It was these shards that helped to open the Anau culture. This happened in 1886, when the head of the Trans-Caspian region and a great lover of antiquities, General Alexander Komarov, noted two hills near the Turkmen village of Anau, which seemed to him similar to Scythian mounds in the European part of Russia. Without hesitation, he cut the northern hill of Anau, splitting it in half in the middle, and discovered primitive dishes and other traces of some ancient settlement. He informed the imperial archaeological commission in St. Petersburg of his finds. An extract from his report was published not only in Russia, but also in Germany. 15 years later, it was read by the American geologist, Professor Rafael Pampelli. Interested in Komarov’s finds, he set out to excavate the Aanu hill, and he was able to send an archaeological expedition to Turkmenistan in 1904.
When the materials of the Pampelli mission were published in Washington in 1908, the Anau hills gained worldwide fame, becoming the main source for the study of the early farming cultures of the Copper Age, which is associated with the emergence of civilization. Meanwhile, they were just small ordinary villages that could not be compared with large and rich in archaeological terms neighboring monuments, such as Namazga-Depe, Kara-Depe, Altyn-Depe, also located in the pre-Kopetdag valley. Anau owes its fame to the fact that this was the first of the open monuments of this area. Throughout the twentieth century, it repeatedly became the object of new research by Soviet and American archaeologists.
There is a large medieval settlement one kilometer east of the Eneolithic hills of Anau. It is a citadel with an area of over seven hectares circled by swollen walls with towers and a wide moat. There was a provincial town that occupied an area of about 250 hectares on the plain outside the fortress. The archaeological work at the fortress hill revealed the lowest layer, related to the early Parthian time. There was also discovered ceramics of the pre-Arabian period, a significant layer of the 9th–10th centuries, when the settlement expanded beyond the fortress. During the Mongol invasion, the citadel was destroyed, but life there resumed, as evidenced by numerous finds dating back to the XIII–XIV centuries. At the same time, it is hard to find out now what this town was called.
The future Soviet Academician Alexander Semenov, who accompanied Pampelli, believed that the Anau toponym is the Turkmen variation of the Persian Ab-I-Nau, literally translated as “new water”, because in the middle of the 15th century the Timurid ruler of Khorasan, Abul-Kasym Babur Bahadur Khan, restored the long-abandoned irrigation network and the old oasis came to life and got the name of Ab-I-Nau. However, other researchers noted that such a name appeared only after the crisis that hit the country in the middle of the 18th century, when the town was rebuilt again. In this case, what was it called before?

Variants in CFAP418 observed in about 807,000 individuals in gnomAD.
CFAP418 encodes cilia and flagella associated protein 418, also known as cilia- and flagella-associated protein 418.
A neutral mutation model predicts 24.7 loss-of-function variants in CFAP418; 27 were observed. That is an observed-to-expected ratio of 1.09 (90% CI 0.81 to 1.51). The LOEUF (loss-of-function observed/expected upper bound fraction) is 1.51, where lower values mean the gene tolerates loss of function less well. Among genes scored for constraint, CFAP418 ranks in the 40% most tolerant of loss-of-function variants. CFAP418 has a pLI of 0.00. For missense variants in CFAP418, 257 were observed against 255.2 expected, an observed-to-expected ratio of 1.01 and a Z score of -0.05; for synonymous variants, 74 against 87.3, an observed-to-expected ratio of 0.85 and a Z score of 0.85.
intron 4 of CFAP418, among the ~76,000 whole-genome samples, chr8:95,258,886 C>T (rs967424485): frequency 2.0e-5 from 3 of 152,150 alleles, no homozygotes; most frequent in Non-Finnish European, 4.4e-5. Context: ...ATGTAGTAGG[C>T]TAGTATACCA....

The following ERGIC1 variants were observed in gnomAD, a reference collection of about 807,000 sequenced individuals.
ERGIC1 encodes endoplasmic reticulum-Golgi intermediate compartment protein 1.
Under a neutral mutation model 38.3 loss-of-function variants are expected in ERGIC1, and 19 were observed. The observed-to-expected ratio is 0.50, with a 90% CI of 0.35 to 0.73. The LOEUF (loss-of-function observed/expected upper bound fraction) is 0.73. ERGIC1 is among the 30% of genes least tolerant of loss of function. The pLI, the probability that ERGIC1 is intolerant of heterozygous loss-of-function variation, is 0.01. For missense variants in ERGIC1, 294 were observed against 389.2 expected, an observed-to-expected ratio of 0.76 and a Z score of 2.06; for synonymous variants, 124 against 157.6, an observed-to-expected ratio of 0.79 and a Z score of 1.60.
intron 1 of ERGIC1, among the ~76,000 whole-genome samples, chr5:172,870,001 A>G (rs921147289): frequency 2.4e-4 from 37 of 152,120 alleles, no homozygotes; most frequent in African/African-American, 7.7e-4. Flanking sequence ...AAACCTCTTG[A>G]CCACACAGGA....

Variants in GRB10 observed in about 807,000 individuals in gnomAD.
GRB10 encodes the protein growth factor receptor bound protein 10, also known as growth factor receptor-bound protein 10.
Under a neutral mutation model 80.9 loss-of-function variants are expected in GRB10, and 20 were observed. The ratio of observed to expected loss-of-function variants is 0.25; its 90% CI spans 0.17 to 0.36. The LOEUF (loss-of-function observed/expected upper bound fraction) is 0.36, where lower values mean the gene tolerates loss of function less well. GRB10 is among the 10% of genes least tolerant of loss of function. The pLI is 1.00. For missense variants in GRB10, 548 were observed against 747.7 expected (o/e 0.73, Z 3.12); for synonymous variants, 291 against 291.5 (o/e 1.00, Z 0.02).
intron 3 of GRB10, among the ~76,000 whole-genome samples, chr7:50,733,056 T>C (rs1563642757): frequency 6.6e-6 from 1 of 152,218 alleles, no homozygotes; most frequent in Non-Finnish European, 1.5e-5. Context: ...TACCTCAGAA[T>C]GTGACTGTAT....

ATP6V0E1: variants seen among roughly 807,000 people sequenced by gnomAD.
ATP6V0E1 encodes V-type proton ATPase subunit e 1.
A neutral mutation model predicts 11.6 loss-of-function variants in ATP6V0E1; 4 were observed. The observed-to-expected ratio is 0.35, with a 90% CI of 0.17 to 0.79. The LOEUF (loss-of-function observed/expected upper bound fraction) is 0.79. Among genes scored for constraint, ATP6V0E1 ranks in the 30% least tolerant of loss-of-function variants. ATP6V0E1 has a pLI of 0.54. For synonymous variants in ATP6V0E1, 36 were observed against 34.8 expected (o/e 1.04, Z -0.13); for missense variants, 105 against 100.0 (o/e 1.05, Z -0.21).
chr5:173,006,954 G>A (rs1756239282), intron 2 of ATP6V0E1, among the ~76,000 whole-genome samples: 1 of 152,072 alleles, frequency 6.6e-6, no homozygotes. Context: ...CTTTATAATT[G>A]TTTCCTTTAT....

The key to this riddle is found in a mosque built on the edge of the citadel in 1456. This date is indicated in two Arabic inscriptions that are preserved on the walls of the building. It is rather rare that a monument of medieval architecture has information of the year of its construction, as well as the names of people directly related to it. This is the already mentioned Sultan Abul-Kasym Babur, who ruled from Herat, his vizier or governor in the district of Nisa, Muhammad Khudaydat, and the father of the latter, the Sufi Sheikh Jamal ad-Din. It was in his memory that a wealthy son erected such a luxurious memorial mosque. This is evidenced by the inscription on its facade. In the folk tradition, the name of the sheikh is called in the Turkmen way – Jemaleddin, adding the honorable title – Sayyid, that is, a descendant of the Prophet Muhammad and the righteous caliph Ali.
The most important thing is about one written source of the 15th century that tells us of the unrest that happened in Khorasan after the death of Abul-Kasim Babur in 1457. The chronicler notes: “Each of the fortresses that was in that country was in the possession of some leader.” Among them was Emir Muhammad Khudaydad, who, as they said, had the Suluk fortress. This is the answer. Where else could he bury his father and build a mosque? It should be noted that Suluk is mentioned more than once in the Arabic and Persian sources of the XIII–XV centuries, talking about cities and villages in the field of Nisa. Yet, the scientists could not establish where it was exactly.